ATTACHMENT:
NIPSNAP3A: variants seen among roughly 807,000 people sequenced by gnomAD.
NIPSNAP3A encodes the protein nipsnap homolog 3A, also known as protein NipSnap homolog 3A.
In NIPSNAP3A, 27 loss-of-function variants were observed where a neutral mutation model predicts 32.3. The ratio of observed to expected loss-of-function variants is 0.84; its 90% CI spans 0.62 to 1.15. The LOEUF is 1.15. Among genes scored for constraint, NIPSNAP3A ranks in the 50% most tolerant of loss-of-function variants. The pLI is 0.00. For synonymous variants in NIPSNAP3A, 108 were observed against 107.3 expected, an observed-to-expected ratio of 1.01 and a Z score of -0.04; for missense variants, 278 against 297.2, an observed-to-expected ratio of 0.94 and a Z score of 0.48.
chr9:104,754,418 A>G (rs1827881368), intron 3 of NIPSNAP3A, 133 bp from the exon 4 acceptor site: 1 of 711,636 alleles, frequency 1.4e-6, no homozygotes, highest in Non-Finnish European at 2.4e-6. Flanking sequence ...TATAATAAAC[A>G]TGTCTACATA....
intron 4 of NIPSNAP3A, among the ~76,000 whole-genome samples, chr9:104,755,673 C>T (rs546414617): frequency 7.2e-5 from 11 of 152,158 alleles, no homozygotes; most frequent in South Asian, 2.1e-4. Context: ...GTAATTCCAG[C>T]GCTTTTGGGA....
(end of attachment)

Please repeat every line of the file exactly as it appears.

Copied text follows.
NIPSNAP3A: variants seen among roughly 807,000 people sequenced by gnomAD.
NIPSNAP3A encodes the protein nipsnap homolog 3A, also known as protein NipSnap homolog 3A.
In NIPSNAP3A, 27 loss-of-function variants were observed where a neutral mutation model predicts 32.3. The ratio of observed to expected loss-of-function variants is 0.84; its 90% CI spans 0.62 to 1.15. The LOEUF is 1.15. Among genes scored for constraint, NIPSNAP3A ranks in the 50% most tolerant of loss-of-function variants. The pLI is 0.00. For synonymous variants in NIPSNAP3A, 108 were observed against 107.3 expected, an observed-to-expected ratio of 1.01 and a Z score of -0.04; for missense variants, 278 against 297.2, an observed-to-expected ratio of 0.94 and a Z score of 0.48.
chr9:104,754,418 A>G (rs1827881368), intron 3 of NIPSNAP3A, 133 bp from the exon 4 acceptor site: 1 of 711,636 alleles, frequency 1.4e-6, no homozygotes, highest in Non-Finnish European at 2.4e-6. Flanking sequence ...TATAATAAAC[A>G]TGTCTACATA....
intron 4 of NIPSNAP3A, among the ~76,000 whole-genome samples, chr9:104,755,673 C>T (rs546414617): frequency 7.2e-5 from 11 of 152,158 alleles, no homozygotes; most frequent in South Asian, 2.1e-4. Context: ...GTAATTCCAG[C>T]GCTTTTGGGA....